Tuesday, March 15, 2005

Helen Thomas Stays on the Offensive, Part II

A couple of weeks ago, I noted how the elderly, diminuitive White House reporter (now columnist) Helen Thomas refuses to accept transparent lies from official sources, instead aggressively pressing for real answers to real questions. This week, the "reality-based" community is under almost unprecedented assault from those shameless, slippery rascals at the White House. Former chief flak Ari Fleisher continues to hawk his new book, a pathetic attempt to indict the media by changing the subject from his laughably Orwellian spinning to their supposed bias (yes, the media is biased against stonewalling, weasly liars). And his former boss, Stonewaller-In-Chief Karen Hughes, has now been installed as a global ambassador of spin, which no fiction writer I know could have ever invented if they tried. Perhaps most hilarious of all, today comes word that the White House is rejecting a GAO report that labels as illegal government propaganda masquerading as news. The Justice Department makes those decisions, not the independent agency charged under the law of the land with independently investigating wrongdoing, says another bungling Bush appointee, evidently making it up as he goes along. Anyway, against that macabre backdrop, Helen was at it again, doing her thing in the White House press room. Here's a transcript of her exchange yesterday with White House press secretary Scott McClellan:

"Go ahead, Helen.

"Q Diplomacy depends on policy. You can't sell what is unsaleable. If the policy remains that we will engage further in preemptive war, you cannot sell it to the Middle East, I'm sure, or anywhere else. So are you going to change any policy?

"MR. McCLELLAN: Our policy is to expand freedom and democracy and to support the aspirations of people --

"Q By gunpoint?

"MR. McCLELLAN: -- and support the aspirations of people in countries around the world that do not have the freedoms that we enjoy. And, no, Helen, the President made it very clear in his inaugural address that it is not primarily the use of arms. It is supporting the aspirations of the people in those countries and doing all we can to stand with those people as they seek greater freedoms. We are standing with the people of Lebanon. We are standing with the people of the Palestinian Territories. We are standing with --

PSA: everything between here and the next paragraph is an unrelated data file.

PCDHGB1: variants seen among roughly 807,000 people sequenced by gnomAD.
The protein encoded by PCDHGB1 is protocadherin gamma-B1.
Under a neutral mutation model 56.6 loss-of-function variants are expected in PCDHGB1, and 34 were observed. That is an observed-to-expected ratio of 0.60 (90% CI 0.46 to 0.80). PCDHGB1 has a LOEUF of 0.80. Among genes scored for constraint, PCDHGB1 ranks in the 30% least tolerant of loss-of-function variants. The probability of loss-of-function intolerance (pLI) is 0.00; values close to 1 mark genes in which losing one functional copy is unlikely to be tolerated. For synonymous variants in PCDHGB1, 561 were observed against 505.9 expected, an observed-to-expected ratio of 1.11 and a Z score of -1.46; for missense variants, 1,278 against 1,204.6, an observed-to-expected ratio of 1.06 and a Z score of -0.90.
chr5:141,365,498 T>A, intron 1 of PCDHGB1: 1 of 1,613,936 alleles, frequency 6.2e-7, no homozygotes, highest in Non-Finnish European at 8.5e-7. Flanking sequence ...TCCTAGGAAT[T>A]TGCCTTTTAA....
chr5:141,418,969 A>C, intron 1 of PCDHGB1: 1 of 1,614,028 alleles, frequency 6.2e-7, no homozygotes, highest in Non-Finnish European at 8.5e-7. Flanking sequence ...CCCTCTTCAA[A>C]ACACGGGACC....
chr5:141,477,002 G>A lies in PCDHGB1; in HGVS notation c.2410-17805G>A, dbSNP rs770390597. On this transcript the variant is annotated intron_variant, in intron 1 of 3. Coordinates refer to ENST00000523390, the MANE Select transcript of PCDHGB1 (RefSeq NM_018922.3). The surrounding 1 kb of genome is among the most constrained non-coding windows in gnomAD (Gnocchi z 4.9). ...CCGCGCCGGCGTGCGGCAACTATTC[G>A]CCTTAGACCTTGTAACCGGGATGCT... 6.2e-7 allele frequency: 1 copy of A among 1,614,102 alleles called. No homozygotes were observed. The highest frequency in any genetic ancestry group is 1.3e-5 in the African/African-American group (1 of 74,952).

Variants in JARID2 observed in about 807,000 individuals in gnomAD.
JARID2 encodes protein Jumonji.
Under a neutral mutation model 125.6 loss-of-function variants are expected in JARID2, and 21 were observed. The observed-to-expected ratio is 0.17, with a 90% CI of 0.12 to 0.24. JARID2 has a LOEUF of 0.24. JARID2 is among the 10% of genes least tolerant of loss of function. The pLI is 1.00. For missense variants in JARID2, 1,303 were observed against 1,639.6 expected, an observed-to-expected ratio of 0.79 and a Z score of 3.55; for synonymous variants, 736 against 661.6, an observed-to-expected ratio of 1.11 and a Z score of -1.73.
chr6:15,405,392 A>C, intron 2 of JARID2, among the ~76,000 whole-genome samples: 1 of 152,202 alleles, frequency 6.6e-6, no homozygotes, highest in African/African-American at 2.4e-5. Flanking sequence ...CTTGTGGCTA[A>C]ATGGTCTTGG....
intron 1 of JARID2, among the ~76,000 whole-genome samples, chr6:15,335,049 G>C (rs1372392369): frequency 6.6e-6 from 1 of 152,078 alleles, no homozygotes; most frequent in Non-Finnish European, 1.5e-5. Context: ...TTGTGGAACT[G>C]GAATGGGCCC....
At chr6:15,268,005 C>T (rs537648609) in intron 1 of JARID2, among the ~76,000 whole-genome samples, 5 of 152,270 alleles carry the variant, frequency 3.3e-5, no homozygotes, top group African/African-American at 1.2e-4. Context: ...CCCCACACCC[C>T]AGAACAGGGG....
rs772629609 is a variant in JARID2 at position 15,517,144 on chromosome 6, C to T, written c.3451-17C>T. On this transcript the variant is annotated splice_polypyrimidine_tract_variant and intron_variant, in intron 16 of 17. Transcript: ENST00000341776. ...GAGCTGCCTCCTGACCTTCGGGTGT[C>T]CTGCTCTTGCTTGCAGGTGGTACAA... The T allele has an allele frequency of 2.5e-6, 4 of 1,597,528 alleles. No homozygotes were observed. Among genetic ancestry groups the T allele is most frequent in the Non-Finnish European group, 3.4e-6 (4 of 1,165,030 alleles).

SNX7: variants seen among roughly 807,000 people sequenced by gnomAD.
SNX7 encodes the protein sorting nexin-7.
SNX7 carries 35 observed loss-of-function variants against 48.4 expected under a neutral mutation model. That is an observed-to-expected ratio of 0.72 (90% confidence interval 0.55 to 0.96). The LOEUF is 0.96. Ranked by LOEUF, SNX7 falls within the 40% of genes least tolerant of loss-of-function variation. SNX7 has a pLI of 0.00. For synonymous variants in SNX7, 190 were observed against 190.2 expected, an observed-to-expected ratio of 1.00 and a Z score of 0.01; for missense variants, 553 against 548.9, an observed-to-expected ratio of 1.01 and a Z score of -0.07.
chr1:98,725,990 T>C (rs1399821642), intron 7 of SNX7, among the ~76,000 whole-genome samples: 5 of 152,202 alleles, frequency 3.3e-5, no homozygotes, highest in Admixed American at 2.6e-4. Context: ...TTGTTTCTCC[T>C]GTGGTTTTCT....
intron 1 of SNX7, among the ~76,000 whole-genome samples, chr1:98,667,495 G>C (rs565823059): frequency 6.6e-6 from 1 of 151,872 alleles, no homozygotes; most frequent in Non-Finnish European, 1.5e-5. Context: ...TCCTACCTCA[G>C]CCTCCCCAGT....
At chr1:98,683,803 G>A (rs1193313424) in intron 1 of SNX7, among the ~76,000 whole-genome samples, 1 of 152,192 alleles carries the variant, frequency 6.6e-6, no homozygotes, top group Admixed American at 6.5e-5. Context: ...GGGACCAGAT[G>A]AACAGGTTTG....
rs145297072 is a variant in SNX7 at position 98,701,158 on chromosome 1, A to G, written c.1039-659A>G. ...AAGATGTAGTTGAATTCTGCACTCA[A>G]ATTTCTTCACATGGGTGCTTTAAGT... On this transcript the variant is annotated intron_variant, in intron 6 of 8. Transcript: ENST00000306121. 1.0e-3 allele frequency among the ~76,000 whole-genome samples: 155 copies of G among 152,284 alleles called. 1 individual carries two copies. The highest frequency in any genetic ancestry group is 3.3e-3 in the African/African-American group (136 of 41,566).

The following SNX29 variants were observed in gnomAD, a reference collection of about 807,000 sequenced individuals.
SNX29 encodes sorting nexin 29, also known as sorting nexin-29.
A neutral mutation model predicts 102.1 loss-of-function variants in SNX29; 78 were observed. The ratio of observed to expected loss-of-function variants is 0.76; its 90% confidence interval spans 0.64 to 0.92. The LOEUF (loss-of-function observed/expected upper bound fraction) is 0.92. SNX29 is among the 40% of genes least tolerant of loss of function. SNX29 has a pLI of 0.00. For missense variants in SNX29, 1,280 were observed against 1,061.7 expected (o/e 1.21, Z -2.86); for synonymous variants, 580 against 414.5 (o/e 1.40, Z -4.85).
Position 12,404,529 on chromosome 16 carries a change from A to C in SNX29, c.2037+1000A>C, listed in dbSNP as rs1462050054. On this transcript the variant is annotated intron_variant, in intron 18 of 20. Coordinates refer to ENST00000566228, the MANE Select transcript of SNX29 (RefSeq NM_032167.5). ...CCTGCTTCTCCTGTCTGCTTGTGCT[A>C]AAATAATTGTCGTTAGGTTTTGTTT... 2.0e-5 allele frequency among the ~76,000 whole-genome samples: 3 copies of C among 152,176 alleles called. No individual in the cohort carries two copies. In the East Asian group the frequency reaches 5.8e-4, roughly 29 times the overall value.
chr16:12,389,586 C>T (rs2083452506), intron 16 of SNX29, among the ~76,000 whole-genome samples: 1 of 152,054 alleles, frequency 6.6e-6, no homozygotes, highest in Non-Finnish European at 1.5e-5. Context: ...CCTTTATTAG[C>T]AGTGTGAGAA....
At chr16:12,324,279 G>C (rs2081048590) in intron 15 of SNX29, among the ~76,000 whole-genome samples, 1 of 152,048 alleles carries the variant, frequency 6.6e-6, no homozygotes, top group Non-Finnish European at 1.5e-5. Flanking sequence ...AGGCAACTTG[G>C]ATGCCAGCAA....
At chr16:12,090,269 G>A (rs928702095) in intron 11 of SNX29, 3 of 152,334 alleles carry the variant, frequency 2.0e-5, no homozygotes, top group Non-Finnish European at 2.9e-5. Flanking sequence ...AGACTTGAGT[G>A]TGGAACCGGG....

"Q We also invaded Iraq.

"MR. McCLELLAN: -- we are standing with the people of Iraq, and the people of Iraq have shown that freedom is a universal value. They stood up and defied the terrorists and went to the polls.

"Q And we invaded the country.

"MR. McCLELLAN: Go ahead, Terry."

The Line of the Day. Leave it to the incomparable Chicago-based twentysomething writer Jessica Crispin, a.k.a. Bookslut, to come up with a sly, snappy way to briefly note the news that her literary blog has just won a Bloggie award. She writes: "The Bloggie is to blogs what the LaFontaine Aquatic Entomology Award is to aquatic entomology. So we're very flattered."

Blogging Continues to March Into Mainstream Journalism. Despite the continued, often dyspeptic, yelps of outrage from plenty of journalism traditionalists, which I liken to a kind of irritable bowel syndrome, the form of blogging continues to be accepted into nearly every corner of the craft. You'd be hard-pressed to identify two more stalwart organizational members of the traditionalists' camp than the Society of Professional Journalists and the Investigative Reporters and Editors. And yet SPJ's Quill Magazine has just published this interesting exploration of the topic, written by a grad student from Alabama. What I love most, however, is that the rest of the issue is packed with such articles as those probing the practice of email interviews and a nice little jewel of a piece on assembling virtual freelance community by my colleague Wendy Hoke. SPJ, in short, really gets it these days. Meanwhile, those vaunted gumshoe hard-asses of IRE, once chaired by my old friend, the formidable Cleveland native Jim Neff (now head of investigative projects for the Seattle Times), has recently added this sterling blog to its excellent website (do check it out, since it's full of interesting stuff). To sample the kind of powerfully reported, well-written series he's helping produce in Seattle (one of the last of the regional newspapers to invest in this kind of expansive and expensive work) click here.


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